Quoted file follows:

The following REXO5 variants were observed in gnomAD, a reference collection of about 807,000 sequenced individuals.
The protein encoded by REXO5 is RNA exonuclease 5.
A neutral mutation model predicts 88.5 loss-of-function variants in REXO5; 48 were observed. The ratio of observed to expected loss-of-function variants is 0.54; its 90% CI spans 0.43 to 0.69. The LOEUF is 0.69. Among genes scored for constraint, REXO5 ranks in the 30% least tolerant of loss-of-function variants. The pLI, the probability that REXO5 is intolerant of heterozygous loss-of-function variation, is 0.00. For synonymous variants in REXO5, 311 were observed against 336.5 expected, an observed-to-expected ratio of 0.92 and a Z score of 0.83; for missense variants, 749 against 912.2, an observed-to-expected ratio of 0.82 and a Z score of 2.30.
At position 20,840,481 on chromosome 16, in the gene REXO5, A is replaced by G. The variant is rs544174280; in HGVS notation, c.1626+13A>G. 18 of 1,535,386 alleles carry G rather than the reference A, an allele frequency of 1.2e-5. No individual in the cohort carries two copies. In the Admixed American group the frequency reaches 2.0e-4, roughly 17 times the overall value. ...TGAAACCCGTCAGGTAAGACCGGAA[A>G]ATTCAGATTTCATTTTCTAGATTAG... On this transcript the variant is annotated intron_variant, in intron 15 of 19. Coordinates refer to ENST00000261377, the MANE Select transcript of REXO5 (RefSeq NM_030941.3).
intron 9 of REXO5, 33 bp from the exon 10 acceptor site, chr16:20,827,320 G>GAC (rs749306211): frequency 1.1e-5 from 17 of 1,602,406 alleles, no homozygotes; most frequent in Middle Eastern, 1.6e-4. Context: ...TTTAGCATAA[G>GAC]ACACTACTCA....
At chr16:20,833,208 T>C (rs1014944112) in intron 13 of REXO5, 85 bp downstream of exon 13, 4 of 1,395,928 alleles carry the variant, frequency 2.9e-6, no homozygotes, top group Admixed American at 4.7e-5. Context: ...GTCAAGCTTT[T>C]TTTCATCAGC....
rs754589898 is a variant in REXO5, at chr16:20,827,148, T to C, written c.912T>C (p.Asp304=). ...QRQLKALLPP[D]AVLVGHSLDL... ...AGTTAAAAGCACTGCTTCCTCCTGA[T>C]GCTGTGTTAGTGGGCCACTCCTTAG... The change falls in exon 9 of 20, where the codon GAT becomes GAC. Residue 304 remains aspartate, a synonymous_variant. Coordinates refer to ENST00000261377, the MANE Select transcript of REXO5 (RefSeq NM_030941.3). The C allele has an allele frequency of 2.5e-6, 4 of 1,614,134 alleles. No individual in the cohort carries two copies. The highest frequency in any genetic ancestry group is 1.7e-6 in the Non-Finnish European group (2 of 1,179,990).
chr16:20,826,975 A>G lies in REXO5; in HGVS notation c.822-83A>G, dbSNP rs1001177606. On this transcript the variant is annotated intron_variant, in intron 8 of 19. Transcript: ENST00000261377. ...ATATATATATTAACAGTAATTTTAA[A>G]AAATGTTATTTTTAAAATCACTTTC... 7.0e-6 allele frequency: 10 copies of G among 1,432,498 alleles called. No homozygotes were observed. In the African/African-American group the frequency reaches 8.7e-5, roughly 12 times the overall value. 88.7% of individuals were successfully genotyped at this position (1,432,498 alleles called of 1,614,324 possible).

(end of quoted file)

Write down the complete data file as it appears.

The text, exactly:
The following REXO5 variants were observed in gnomAD, a reference collection of about 807,000 sequenced individuals.
The protein encoded by REXO5 is RNA exonuclease 5.
A neutral mutation model predicts 88.5 loss-of-function variants in REXO5; 48 were observed. The ratio of observed to expected loss-of-function variants is 0.54; its 90% CI spans 0.43 to 0.69. The LOEUF is 0.69. Among genes scored for constraint, REXO5 ranks in the 30% least tolerant of loss-of-function variants. The pLI, the probability that REXO5 is intolerant of heterozygous loss-of-function variation, is 0.00. For synonymous variants in REXO5, 311 were observed against 336.5 expected, an observed-to-expected ratio of 0.92 and a Z score of 0.83; for missense variants, 749 against 912.2, an observed-to-expected ratio of 0.82 and a Z score of 2.30.
At position 20,840,481 on chromosome 16, in the gene REXO5, A is replaced by G. The variant is rs544174280; in HGVS notation, c.1626+13A>G. 18 of 1,535,386 alleles carry G rather than the reference A, an allele frequency of 1.2e-5. No individual in the cohort carries two copies. In the Admixed American group the frequency reaches 2.0e-4, roughly 17 times the overall value. ...TGAAACCCGTCAGGTAAGACCGGAA[A>G]ATTCAGATTTCATTTTCTAGATTAG... On this transcript the variant is annotated intron_variant, in intron 15 of 19. Coordinates refer to ENST00000261377, the MANE Select transcript of REXO5 (RefSeq NM_030941.3).
intron 9 of REXO5, 33 bp from the exon 10 acceptor site, chr16:20,827,320 G>GAC (rs749306211): frequency 1.1e-5 from 17 of 1,602,406 alleles, no homozygotes; most frequent in Middle Eastern, 1.6e-4. Context: ...TTTAGCATAA[G>GAC]ACACTACTCA....
At chr16:20,833,208 T>C (rs1014944112) in intron 13 of REXO5, 85 bp downstream of exon 13, 4 of 1,395,928 alleles carry the variant, frequency 2.9e-6, no homozygotes, top group Admixed American at 4.7e-5. Context: ...GTCAAGCTTT[T>C]TTTCATCAGC....
rs754589898 is a variant in REXO5, at chr16:20,827,148, T to C, written c.912T>C (p.Asp304=). ...QRQLKALLPP[D]AVLVGHSLDL... ...AGTTAAAAGCACTGCTTCCTCCTGA[T>C]GCTGTGTTAGTGGGCCACTCCTTAG... The change falls in exon 9 of 20, where the codon GAT becomes GAC. Residue 304 remains aspartate, a synonymous_variant. Coordinates refer to ENST00000261377, the MANE Select transcript of REXO5 (RefSeq NM_030941.3). The C allele has an allele frequency of 2.5e-6, 4 of 1,614,134 alleles. No individual in the cohort carries two copies. The highest frequency in any genetic ancestry group is 1.7e-6 in the Non-Finnish European group (2 of 1,179,990).
chr16:20,826,975 A>G lies in REXO5; in HGVS notation c.822-83A>G, dbSNP rs1001177606. On this transcript the variant is annotated intron_variant, in intron 8 of 19. Transcript: ENST00000261377. ...ATATATATATTAACAGTAATTTTAA[A>G]AAATGTTATTTTTAAAATCACTTTC... 7.0e-6 allele frequency: 10 copies of G among 1,432,498 alleles called. No homozygotes were observed. In the African/African-American group the frequency reaches 8.7e-5, roughly 12 times the overall value. 88.7% of individuals were successfully genotyped at this position (1,432,498 alleles called of 1,614,324 possible).